I've decided to be fully present during each seizure and shed tears, at least afterward. The word shed. Dutch and Germanic, Old English root: to separate out, to scatter, to divide. I remember watching a scene in a movie -- maybe Zorba the Greek -- where a bunch of women are wailing in the streets about something or another. I can't find the scene, though, so I might have made it up or perhaps reached into my cellular wellspring where the Middle Eastern and southern Italian histrionics lie embedded. The word histrionic. The dictionary states that its origin is the 17th century, and I imagine some Germanic guy or Anglo-Saxon with the whitest of skin took the Latin root for drama and acting, twisted it into something unfavorable, applied it to women, in particular.
I have a friend whose adult son is schizophrenic. She's done things like cleaned his shit from the walls of his apartment. She and I recently sat in a car outside her house and discussed how we imagined ourselves screaming in the streets with other mothers, other women. Tearing at our hair and wailing, rending our garments.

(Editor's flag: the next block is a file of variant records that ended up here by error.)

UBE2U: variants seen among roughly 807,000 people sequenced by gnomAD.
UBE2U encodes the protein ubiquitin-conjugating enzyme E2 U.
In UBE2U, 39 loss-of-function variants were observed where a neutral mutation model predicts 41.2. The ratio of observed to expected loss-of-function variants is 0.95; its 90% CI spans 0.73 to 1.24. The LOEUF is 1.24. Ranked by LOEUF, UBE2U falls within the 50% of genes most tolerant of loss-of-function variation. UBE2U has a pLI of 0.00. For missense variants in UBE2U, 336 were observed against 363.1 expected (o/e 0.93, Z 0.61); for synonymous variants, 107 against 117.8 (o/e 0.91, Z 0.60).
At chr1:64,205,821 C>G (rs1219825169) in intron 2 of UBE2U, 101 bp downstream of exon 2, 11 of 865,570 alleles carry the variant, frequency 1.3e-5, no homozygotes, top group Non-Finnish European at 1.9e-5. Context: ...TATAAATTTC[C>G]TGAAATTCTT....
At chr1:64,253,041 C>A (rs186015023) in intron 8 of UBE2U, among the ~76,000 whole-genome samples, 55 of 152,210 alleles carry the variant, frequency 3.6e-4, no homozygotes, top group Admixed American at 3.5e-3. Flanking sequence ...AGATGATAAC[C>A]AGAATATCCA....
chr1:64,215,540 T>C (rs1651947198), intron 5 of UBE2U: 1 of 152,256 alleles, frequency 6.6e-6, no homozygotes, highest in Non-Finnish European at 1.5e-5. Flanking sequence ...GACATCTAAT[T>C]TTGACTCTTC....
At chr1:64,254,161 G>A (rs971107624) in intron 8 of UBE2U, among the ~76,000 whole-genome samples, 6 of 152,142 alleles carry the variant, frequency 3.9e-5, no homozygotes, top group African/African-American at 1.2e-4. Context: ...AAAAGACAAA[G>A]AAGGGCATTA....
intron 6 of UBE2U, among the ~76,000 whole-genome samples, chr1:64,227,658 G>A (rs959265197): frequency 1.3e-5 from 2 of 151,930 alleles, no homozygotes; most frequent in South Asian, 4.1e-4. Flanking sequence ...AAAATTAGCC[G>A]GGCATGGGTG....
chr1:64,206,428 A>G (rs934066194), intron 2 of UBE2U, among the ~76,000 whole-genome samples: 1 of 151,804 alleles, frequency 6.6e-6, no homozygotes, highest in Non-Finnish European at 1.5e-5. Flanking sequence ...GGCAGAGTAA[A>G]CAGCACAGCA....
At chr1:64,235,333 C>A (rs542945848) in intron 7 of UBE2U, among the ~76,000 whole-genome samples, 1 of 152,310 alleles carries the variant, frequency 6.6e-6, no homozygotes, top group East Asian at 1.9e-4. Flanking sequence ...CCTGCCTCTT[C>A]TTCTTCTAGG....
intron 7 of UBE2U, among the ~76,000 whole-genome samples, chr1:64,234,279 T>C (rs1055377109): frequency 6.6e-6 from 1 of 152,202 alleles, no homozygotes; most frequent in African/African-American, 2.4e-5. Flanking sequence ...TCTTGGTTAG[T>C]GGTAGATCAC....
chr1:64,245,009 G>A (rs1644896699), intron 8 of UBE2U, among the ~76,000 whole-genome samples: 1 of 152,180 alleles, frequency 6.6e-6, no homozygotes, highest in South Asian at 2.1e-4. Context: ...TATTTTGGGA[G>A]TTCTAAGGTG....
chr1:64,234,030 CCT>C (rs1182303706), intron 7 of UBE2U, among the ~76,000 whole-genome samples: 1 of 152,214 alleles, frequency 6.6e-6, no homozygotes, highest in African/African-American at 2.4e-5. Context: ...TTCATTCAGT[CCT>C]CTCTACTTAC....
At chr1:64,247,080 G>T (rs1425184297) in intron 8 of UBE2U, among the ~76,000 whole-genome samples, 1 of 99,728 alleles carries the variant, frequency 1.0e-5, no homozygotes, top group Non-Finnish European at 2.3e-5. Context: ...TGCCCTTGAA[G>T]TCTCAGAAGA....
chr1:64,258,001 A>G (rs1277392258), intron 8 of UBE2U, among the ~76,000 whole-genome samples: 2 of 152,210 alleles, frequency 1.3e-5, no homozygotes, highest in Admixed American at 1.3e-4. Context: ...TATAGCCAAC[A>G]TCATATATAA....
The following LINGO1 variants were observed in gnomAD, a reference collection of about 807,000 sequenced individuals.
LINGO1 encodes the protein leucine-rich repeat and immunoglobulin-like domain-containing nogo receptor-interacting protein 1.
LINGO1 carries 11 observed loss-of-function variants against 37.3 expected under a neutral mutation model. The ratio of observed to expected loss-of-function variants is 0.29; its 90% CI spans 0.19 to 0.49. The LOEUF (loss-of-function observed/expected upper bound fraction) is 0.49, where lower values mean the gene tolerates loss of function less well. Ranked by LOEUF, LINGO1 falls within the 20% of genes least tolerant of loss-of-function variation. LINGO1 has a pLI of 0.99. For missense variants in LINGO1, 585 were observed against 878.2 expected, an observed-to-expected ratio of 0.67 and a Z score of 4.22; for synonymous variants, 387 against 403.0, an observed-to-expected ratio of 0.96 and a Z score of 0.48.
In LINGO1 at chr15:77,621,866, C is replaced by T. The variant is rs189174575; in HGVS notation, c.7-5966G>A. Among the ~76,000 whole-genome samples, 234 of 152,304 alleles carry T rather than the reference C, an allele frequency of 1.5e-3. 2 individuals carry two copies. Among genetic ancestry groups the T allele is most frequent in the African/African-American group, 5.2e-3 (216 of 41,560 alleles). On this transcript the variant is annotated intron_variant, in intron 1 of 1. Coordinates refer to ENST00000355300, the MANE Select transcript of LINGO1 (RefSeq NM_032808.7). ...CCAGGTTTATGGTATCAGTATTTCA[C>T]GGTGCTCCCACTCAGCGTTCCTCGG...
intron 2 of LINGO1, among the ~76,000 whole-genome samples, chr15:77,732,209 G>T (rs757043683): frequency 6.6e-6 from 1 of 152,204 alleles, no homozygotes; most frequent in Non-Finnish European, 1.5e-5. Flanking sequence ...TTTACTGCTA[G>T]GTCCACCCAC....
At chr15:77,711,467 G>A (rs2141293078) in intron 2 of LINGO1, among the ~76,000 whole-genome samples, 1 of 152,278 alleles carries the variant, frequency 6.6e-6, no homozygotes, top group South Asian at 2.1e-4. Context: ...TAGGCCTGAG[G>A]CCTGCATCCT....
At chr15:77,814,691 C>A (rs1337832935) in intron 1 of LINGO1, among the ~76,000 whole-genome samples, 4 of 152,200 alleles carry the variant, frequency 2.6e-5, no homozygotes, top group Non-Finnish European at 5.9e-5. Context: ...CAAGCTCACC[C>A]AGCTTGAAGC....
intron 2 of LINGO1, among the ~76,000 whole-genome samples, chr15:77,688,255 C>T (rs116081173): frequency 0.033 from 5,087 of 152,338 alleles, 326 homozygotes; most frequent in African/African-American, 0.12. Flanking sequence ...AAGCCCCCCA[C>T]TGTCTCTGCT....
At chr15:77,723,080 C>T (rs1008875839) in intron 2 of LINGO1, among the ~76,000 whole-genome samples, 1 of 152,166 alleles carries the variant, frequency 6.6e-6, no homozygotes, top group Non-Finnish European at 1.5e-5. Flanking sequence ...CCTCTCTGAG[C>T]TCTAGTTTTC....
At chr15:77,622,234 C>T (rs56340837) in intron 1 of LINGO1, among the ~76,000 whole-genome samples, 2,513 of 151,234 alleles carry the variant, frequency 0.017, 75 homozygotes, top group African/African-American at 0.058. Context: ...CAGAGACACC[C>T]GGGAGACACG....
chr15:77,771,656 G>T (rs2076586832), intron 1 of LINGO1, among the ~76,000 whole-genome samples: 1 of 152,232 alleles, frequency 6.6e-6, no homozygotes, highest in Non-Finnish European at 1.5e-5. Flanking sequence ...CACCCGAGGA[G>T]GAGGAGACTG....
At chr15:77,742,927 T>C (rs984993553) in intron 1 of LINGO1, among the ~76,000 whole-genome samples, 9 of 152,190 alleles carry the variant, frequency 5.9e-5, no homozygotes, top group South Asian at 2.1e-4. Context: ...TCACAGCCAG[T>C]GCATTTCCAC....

How fitting to shed -- to empty oneself that way.
Watching a person twist and jerk and grimace over and over, in minutes and then years, helpless to do anything but watch and abide in the moment -- surely this calls for tears afterward as much as efficiency or quiet?
Are there enough tears?
There's nothing to be thankful for with seizures.
I don't believe in prayer and would as soon as stand on a pew and wail then beg.
There's gratitude, though, in tears.
I bought some daffodils the other day. The buds were tight, the stalks like paper. I stuck them in water and watched them unfold into yellow.
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